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MF Global Customers To Recoup $546 Million

MF Global Customers to Recoup $546 Million

Former chairman and CEO of MF Global Jon Corzine testifies Dec. 15, 2011, during a Financial Services Committee hearing on Capitol Hill in Washington. The committee found that Corzine personally ordered the transfer of customer funds to cover company losses.

The trustee of bankrupt MF Global Inc. settled a dispute with J.P. Morgan March 19 that will see $546 million returned to customers. Some experts think the settlement helps to return client funds quickly while others think J.P. Morgan got off too easy.

James W. Giddens, Trustee for MF Global Inc. said, “This is a significant milestone in returning assets to former customers … ending what would have been a costly, protracted, and uncertain legal battle.” He also said that the settlement avoids yearlong delays in returning money to customers.

The brokerage MF Global went bankrupt in October 2011 because of an outsized proprietary bet on European sovereign bonds that went sour. Theoretically, this should not have affected customers who traded futures and other securities with the firm.

Their accounts were segregated from the firm’s balance sheet, off-limits to claims by creditors, who pulled the plug on the firm’s funding after learning about the bet personally initiated by CEO Jon Corzine. When Lehman Brothers went bankrupt, client accounts were frozen for a while, but assets were left untouched.

MF Global was the first instance where the firm used client funds to plug the shortfall in funding. The Rolling Stone estimates that $1.6 billion in client funds were illicitly used to satisfy creditor claims to keep the firm afloat for just a little longer.

David Greenberg, president at Greenberg Capital thinks that the settlement does not go far enough in compensating the victims. Many professionals went out of business because they could not trade anymore.

“This money coming back, it’s nice, traders will be happy that they are getting the money back that should never have been frozen to begin with. However, it’s not going to make a difference in their lives right now. … This blew a lot of people out,” he said in an interview.

As for the people responsible, the House of Representatives Committee on Financial Services found that Corzine personally ordered the transfer of the funds, but the New York Times reported in August 2012 that criminal charges were “unlikely.”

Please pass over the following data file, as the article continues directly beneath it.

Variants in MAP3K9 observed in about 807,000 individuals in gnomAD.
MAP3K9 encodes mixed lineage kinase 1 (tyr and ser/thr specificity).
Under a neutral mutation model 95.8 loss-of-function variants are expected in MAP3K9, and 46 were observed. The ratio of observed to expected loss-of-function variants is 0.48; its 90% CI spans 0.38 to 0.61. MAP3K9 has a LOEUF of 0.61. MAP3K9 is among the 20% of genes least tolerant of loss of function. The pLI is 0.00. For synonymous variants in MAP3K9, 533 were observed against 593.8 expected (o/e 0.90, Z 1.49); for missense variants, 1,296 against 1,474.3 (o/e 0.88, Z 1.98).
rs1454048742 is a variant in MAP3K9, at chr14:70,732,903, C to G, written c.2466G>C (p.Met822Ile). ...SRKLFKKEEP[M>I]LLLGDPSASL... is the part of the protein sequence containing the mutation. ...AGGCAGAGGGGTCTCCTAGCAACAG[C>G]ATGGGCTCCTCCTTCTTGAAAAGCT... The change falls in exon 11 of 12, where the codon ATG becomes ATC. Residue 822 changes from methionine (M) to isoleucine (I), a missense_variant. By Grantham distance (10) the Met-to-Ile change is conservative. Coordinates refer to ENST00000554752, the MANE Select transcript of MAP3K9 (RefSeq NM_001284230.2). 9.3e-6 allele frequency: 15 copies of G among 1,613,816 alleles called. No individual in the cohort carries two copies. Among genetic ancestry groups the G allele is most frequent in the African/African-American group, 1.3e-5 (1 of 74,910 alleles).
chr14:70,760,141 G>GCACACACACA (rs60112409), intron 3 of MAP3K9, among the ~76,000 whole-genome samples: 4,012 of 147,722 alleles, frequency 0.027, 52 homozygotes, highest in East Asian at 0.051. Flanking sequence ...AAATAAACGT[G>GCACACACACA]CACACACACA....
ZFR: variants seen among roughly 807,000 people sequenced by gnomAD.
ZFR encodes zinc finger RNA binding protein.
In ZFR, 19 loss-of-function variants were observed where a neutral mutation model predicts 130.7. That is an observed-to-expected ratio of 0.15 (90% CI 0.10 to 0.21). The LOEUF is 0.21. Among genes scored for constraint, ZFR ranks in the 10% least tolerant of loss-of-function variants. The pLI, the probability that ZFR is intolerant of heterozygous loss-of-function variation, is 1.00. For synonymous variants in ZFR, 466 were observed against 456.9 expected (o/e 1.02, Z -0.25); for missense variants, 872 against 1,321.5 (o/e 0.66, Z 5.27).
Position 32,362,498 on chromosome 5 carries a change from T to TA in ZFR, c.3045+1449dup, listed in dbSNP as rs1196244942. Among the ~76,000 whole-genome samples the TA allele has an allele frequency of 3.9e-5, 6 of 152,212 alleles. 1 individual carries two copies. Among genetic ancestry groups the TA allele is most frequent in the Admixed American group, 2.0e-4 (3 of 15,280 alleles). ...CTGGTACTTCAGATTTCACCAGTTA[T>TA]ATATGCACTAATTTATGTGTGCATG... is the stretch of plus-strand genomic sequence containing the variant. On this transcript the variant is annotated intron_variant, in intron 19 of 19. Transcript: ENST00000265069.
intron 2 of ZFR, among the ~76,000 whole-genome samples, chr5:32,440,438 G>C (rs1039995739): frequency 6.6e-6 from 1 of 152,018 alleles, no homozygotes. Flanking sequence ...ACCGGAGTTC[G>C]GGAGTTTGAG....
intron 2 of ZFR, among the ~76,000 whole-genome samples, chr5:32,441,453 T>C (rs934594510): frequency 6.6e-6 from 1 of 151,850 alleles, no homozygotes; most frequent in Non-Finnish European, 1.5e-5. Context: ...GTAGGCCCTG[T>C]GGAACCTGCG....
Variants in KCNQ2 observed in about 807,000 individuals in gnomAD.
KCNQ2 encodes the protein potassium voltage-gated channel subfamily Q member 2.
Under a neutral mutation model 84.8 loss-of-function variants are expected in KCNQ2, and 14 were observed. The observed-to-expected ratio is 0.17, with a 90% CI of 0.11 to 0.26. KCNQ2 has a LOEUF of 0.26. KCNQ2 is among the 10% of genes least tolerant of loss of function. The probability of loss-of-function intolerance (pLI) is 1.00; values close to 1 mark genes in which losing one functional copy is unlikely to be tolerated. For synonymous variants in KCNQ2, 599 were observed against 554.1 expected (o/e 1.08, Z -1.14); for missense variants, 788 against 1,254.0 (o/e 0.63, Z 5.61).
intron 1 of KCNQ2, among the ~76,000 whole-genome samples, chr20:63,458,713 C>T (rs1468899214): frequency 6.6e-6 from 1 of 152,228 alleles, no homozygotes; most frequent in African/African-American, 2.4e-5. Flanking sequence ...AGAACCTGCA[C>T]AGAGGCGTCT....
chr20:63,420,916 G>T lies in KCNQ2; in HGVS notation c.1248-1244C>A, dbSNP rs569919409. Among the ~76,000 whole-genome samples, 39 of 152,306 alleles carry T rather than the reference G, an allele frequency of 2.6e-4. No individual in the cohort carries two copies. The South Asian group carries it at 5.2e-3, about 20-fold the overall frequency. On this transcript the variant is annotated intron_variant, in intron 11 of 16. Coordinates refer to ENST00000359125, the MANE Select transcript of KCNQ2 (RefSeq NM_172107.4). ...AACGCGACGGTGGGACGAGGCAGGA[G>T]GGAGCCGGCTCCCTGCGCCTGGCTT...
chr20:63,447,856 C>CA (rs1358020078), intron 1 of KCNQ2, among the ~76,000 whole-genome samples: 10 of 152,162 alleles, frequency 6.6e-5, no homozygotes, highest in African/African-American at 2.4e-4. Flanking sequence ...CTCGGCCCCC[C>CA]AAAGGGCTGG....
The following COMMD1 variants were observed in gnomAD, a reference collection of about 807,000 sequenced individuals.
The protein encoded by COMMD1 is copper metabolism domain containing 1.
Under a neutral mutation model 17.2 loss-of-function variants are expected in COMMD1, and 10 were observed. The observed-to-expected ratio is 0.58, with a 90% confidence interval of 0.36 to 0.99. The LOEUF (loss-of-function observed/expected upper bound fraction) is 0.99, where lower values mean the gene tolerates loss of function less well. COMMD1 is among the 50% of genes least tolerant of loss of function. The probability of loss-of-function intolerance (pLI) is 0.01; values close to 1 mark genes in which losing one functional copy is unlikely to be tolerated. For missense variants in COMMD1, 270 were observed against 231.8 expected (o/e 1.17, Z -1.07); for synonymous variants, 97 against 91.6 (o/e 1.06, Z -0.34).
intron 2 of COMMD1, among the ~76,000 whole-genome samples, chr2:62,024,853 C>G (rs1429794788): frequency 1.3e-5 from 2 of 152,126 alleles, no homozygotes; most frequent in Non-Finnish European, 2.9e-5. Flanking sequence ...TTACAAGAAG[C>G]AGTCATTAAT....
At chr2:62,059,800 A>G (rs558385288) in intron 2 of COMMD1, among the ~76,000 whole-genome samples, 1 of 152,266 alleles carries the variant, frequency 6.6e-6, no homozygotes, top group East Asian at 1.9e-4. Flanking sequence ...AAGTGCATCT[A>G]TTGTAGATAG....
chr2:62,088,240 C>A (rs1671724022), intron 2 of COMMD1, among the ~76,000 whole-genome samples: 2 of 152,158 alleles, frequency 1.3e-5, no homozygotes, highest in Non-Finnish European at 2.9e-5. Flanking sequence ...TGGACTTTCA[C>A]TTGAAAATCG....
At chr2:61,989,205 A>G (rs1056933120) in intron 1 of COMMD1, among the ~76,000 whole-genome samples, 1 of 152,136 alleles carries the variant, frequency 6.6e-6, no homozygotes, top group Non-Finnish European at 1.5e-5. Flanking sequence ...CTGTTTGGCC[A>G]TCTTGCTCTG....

Greenberg again thinks that panel hearings and investigations are not enough. He believes that using traders and risk managers at MF Global as witnesses would have been the best route to accumulate evidence.

“Everybody is once again celebrating a settlement which seems to happen a lot in Washington, they are very into settlements, rather than going after the culprits.” Despite multiple ongoing lawsuits, Greenberg does not think there will be a conviction of Corzine or other executives.

“I’ve learnt through experience, the longer it takes, the less likely there will be a charge. … They could have struck when the iron was hot.”

One of the creditors was J.P. Morgan, which also served as the custodian of the brokerage. Investigations by the Commodities and Futures Trading Commission (CFTC), the Securities and Exchange Commission (SEC), and the Justice Department could not definitively resolve where the customers’ money went.

Greenberg is one of the people who believes that some of the money went to J.P. Morgan with the bank’s explicit knowledge.

“I think J.P. Morgan got off easy. … If the government really wanted to go after them I think the settlement would have been much higher and some people would have ended up in jail for their actions,” he says.

John Roe of the Commodity Customer Coalition, an activist group, also thinks the customers’ money went to J.P. Morgan. Contrary to Greenberg, however, he believes that settling was the pragmatic approach that would ultimately save victims time and money.

“[MF Global Inc.] is getting out the most money with the least amount of litigation. Litigation is very expensive,” he said in an interview.

Nonetheless, Roe thinks that neither J.P. Morgan nor Corzine is “out of the woods.” “Whatever the Department of Justice is looking at in terms of sanctions or civil proceedings against J.P. Morgan or Jon Corzine or whomever, that can certainly still go forward,” he said, mentioning a class action lawsuit currently pending against Corzine.

The MF Global trustee is confident that ultimately all of the customer funds will be returned and Roe thinks that customers will get a 100 percent of their money back “sooner rather than later.”

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